Once you have setup the firewall and router for access to your computer over the Internet, you can perform a self-test using HFS to make sure everything is working properly. Just click on Menu and the first option is Self Test.

hfs self test

Now skip down to the last section where I explain the different steps you need to complete in order to access your file server from outside the local network.

FileZilla Server

Filezilla is a popular FTP client program, but they also have a server version that is freely available. It’s also fairly easy to setup with the defaults options left unchanged during install.

filezilla server

When installing, you’ll be asked to choose how you want to install FileZilla and it’s best to leave it so that it installs as a Windows service. You can also leave the port number with the default value. Click Next and then you’ll be asked how the server should be started. Unless you want to manually start it, the default behavior is to load automatically when the user logs in. Click Install and it should be finished within a few seconds.

A small little window will pop up that shows the basic information for the server. Check the Always connect to this server box if you don’t plan on creating any other FTP server on the same computer. Click OK and main interface will appear.

filezilla server port

There are a few more steps to get a directory setup in FileZilla, but our friends over at HowToGeek have written a great article that walks you through the rest of the process for setting up FileZilla.

FreeNAS

The last product I want to mention is FreeNAS, which is just an awesome open source program for creating your own network-attached storage device. Even though FreeNAS can do a ton of other stuff, it’s basic goal it to make sharing files easier.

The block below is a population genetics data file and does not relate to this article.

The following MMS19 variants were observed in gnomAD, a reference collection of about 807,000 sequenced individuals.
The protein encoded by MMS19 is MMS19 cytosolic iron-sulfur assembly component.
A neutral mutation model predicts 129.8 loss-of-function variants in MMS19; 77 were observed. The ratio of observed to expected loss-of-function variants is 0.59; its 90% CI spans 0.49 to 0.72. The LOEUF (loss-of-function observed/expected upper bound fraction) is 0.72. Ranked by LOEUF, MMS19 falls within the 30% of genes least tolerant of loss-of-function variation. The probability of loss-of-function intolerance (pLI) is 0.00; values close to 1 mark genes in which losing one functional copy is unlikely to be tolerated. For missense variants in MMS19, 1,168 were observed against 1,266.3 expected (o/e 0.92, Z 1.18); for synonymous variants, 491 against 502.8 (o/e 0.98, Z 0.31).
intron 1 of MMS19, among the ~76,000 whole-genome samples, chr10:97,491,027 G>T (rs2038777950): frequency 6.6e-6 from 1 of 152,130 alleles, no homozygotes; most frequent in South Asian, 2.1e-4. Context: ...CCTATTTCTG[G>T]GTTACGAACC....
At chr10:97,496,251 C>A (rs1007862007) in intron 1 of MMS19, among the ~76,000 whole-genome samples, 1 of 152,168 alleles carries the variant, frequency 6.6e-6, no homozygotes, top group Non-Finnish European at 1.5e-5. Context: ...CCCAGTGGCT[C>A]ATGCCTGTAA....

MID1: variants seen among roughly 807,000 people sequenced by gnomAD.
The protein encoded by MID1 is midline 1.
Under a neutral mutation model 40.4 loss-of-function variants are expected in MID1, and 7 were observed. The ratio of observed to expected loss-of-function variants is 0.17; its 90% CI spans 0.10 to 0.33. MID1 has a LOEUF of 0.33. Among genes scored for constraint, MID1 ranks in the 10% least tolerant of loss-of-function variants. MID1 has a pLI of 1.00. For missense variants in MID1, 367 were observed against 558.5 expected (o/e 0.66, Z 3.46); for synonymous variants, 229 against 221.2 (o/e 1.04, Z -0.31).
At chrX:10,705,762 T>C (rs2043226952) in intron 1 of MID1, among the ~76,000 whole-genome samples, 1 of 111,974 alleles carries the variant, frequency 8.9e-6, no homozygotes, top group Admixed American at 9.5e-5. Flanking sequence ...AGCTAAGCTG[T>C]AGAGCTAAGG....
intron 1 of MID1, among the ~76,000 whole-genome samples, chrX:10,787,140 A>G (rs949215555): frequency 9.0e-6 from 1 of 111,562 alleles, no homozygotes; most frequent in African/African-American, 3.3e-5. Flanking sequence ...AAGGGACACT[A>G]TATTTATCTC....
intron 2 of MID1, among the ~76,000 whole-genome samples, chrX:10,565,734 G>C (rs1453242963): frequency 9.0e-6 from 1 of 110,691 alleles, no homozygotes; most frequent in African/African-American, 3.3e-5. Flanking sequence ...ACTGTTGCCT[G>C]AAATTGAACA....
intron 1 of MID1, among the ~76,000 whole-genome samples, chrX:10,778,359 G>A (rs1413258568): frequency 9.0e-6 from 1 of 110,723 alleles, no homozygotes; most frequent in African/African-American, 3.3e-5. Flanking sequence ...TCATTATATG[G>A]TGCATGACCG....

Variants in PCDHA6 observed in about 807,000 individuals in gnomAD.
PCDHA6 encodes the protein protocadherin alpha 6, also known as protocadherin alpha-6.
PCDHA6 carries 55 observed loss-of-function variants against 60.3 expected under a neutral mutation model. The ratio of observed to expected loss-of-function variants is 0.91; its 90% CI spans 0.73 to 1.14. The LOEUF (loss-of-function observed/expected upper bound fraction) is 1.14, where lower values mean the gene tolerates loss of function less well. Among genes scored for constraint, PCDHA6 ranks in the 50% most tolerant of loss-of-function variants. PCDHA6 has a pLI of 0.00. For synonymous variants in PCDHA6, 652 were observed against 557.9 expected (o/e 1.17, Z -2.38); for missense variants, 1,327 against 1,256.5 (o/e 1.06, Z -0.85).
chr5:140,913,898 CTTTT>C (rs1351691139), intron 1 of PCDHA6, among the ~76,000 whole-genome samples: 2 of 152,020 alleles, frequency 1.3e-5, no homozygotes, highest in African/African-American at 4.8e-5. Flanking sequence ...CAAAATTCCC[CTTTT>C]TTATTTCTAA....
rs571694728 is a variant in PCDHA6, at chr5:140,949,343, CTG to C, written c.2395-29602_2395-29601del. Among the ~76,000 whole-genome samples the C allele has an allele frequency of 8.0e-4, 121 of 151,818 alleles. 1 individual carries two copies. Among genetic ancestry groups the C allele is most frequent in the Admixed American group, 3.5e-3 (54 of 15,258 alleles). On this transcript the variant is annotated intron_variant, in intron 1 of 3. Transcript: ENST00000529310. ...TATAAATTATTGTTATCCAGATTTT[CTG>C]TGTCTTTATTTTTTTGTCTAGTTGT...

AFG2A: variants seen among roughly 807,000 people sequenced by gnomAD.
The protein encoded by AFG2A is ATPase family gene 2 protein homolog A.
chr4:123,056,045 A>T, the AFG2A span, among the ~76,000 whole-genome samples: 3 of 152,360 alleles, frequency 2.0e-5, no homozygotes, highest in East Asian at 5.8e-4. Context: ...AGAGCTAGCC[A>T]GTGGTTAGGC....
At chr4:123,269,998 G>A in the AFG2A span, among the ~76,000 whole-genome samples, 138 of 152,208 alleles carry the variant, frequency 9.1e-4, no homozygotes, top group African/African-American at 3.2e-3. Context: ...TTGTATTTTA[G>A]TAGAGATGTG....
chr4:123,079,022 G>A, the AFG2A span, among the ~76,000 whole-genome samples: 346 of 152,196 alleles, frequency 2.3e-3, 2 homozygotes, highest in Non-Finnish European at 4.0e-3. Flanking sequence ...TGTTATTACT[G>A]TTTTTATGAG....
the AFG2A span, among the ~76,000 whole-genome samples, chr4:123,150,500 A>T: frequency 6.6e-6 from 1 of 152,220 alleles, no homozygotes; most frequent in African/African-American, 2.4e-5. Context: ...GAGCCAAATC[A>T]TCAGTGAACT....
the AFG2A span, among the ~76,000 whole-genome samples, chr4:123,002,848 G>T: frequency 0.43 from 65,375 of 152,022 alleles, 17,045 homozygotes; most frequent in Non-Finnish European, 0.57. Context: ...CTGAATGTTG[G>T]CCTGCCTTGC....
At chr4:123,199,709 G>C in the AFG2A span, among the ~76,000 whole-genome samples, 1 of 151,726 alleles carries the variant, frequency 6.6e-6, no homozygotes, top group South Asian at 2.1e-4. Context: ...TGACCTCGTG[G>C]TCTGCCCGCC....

The only difference FreeNAS and the other two programs I mentioned above is that the former is actually a full operating system of its own. If you want to use FreeNAS, you will have to dedicate an entire machine for its use! Also, it does have certain system requirements that might prevent you from using it on your particular PC.

freenas

Anyway, if you have a spare machine laying around that you’ve never been able to find a use for, maybe now is the time to convert it into a streaming and sharing super NAS.

The folks over at MakeUseOf have written a comprehensive guide to installing and setting up FreeNAS just for sharing out files over the Internet. They also talk about how to setup dynamic DNS so you can access your the server from outside the local network.

Firewall & Port Forwarding

As mentioned earlier, to get any of these to work outside your home network, you’ll need to do up to three things:

1. Open the ports on the local Windows firewall for the PC (HFS and FileZilla)

2. Forward certain ports (FTP, WEB, etc) from your router to your PC

3. Set up your home server with dynamic DNS, so that it can be accessed via a URL rather than an IP address, which may change anytime.

The third option is optional as you can just lookup your external IP address and give that to the person who needs to access the server. However, if you don’t have a static IP address and most residential homes don’t, then the IP address can change at anytime. Usually, it’ll be the same for a couple of days so if that’s all the time you need to transfer a file, then don’t worry about option 3. If you don’t know what I’m talking about, check out my post that explains the difference between a static and dynamic IP address.

I’ve written a detailed post explaining port forwarding and how you are supposed to configure it. You can learn more about forwarding ports on your router by going to http://www.portforward.com/.

I’ve also written about dynamic DNS and how you can get yourself an easy to remember URL that will automatically point your public IP address even if it changes.

Hopefully, this will get you well on your way to setting up a file sharing server from home. It will take a bit of time and you’ll run into some hiccups along the way, but it’s totally doable for most folks. If you have any questions or run into issues you can’t solve, post a comment and we’ll try to help. Enjoy!